iPad Initiatives | News
Los Angeles iPad Program Leaves Keyboards off the Table
- By Dian Schaffhauser
In its rush to get iPads into the hands of its 650,000 students, Los Angeles Unified School District left out one thing: external keyboards. The district recently began passing out the Apple devices at elementary schools as part of a massive multi-year 1-to-1 district-wide deployment intended to help individualize instruction for students. LAUSD expects to equip all of its schools by December 2014.
During a recent meeting of the Board of Education's Common Core Technology Project Ad Hoc Committee, CIO Ronald Chandler said phase one of the initiative, which is currently underway, didn't include plans to "provision keyboards." He acknowledged, however, that Smarter Balanced recommends "mechanical keyboards, but it's not required if there's an alternative way." iPads, of course, are outfitted with on-screen touch keyboards.
Smarter Balanced is one of two multi-state consortia developing the online assessments for states. Those tests are scheduled to be fully available during the 2014-2015 school year. In its technology specifications, Smarter Balanced noted that districts using tablets for testing will need to take into account how much "visual space the virtual 'on-screen' keyboards consume when utilized as the primary input method." The organization recommends the use of "external 'plug and play' keyboards for students needing to maximize viewing space on their devices."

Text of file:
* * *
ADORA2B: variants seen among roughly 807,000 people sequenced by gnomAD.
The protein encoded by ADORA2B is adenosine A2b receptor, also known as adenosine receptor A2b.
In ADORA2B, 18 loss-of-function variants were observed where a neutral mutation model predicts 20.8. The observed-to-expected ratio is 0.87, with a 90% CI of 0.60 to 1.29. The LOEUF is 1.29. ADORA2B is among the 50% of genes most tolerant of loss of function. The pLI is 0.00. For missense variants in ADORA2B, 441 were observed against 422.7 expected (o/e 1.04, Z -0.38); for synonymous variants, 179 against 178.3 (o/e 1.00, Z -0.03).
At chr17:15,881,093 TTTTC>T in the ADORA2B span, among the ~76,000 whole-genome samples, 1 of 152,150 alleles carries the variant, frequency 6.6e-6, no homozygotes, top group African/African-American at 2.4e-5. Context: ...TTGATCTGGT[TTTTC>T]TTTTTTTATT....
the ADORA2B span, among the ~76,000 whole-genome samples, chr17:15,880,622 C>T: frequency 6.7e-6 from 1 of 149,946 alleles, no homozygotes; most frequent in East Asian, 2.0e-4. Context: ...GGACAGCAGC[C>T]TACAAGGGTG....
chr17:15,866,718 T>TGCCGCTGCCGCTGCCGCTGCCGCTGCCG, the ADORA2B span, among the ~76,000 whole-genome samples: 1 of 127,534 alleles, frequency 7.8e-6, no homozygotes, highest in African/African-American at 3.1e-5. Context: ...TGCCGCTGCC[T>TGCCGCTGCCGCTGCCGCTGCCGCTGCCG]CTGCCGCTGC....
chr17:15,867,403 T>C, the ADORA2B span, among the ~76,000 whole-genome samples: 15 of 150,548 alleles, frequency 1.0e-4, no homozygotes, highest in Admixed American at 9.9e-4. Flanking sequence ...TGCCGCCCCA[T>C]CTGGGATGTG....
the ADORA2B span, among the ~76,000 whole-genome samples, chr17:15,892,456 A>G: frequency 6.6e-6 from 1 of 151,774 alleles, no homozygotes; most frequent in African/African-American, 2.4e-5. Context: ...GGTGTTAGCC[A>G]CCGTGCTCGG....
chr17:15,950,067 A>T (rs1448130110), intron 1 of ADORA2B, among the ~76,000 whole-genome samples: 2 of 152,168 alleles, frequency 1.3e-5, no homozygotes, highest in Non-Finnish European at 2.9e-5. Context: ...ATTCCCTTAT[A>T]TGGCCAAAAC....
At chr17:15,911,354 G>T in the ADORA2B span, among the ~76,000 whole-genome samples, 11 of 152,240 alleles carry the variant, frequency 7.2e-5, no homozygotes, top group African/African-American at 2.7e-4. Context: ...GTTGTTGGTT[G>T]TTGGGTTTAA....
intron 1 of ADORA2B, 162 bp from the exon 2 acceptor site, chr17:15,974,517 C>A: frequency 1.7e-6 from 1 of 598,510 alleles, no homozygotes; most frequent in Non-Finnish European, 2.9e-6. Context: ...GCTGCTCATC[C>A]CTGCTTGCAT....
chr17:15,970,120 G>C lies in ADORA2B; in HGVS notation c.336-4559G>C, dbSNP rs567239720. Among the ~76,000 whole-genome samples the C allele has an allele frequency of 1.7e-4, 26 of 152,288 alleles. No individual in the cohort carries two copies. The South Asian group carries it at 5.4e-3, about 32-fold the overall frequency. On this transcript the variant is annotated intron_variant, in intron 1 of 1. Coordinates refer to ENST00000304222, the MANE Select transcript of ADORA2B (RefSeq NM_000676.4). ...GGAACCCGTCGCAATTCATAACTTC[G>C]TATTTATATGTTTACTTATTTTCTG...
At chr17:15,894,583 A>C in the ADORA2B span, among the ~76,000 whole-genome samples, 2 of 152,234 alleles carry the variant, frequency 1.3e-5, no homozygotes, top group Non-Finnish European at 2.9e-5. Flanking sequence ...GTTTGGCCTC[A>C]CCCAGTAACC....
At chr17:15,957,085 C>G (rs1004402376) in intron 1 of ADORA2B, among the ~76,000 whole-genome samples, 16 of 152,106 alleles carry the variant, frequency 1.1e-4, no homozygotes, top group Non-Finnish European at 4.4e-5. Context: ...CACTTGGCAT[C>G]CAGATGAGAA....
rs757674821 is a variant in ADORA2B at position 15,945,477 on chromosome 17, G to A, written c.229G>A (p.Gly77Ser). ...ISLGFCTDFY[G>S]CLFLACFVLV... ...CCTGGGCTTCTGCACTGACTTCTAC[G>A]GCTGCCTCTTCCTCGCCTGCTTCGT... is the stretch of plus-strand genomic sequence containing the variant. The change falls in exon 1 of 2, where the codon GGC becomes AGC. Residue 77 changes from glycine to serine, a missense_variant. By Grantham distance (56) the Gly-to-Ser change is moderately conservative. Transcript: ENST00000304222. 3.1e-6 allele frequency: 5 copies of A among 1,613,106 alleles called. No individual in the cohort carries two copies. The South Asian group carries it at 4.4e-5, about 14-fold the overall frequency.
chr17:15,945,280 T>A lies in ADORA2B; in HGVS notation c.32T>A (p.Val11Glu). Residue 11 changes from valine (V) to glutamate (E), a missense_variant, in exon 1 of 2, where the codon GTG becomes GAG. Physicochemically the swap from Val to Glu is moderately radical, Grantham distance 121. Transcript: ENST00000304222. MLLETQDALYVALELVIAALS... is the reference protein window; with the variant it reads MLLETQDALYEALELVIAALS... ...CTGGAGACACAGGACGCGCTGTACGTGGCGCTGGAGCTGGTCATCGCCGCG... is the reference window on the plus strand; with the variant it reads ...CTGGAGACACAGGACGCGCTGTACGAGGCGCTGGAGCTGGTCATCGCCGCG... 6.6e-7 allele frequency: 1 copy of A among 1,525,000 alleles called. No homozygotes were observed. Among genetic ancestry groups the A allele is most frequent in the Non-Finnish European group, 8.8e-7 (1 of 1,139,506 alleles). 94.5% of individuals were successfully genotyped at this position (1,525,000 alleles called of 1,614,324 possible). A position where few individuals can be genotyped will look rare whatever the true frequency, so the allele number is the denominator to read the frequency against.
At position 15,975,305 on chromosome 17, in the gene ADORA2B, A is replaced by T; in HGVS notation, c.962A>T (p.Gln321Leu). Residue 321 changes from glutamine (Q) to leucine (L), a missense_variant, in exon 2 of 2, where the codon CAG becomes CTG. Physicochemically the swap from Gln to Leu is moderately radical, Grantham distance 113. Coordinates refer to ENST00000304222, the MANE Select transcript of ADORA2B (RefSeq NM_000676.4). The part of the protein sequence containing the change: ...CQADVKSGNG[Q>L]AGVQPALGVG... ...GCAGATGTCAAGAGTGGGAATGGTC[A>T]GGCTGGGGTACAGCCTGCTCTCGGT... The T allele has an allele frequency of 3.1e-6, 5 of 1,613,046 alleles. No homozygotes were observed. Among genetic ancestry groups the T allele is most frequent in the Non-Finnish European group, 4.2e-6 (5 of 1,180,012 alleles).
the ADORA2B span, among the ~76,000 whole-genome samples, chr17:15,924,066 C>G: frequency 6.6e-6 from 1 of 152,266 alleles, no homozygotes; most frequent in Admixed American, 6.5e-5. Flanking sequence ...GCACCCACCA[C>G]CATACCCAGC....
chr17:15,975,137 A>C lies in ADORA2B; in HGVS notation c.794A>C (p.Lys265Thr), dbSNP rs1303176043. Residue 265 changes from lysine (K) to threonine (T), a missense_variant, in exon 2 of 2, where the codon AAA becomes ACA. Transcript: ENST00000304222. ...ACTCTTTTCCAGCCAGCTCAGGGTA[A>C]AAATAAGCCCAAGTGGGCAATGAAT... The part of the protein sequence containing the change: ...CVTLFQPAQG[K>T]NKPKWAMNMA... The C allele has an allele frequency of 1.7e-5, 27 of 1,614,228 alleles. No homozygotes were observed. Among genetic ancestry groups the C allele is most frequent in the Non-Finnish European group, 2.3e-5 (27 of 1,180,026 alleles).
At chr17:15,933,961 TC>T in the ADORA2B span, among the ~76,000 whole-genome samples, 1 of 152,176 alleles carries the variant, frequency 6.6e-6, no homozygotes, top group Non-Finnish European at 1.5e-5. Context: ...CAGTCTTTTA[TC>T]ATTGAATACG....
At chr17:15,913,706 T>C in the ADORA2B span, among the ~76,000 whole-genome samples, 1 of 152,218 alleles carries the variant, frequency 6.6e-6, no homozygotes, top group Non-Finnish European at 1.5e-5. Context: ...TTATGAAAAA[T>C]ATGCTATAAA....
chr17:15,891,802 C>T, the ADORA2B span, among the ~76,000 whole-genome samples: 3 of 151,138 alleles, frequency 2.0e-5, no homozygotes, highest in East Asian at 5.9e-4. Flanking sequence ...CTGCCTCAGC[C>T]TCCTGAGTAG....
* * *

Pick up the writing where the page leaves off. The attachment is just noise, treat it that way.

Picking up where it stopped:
Currently, the district plans to have keyboards by Spring 2015, in time for students to take the assessments. According to a presentation by Chandler, the district is "still determining the number of keyboards needed to complete testing in a three- to four-week window." The intention, apparently, is to share the keyboards among the classes that are tackling the tests during any given timeframe.
However, Chandler didn't address the issue of students who prefer to use an external keyboard for other purposes, such as typing papers.
The Los Angeles Times estimated that the additional cost for keyboards could be "more than $38 million at current retail prices." The tally for purchasing the iPads alone is expected to be about $500 million.
Chandler gave no estimate of keyboard expense during the committee meeting. His presentation simply stated, "We plan to work with our Procurement division to purchase keyboards that meet students' needs and fulfill the Smarter Balanced requirements."
Dian Schaffhauser is a writer who covers technology and business for a number of publications. Contact her at firstname.lastname@example.org.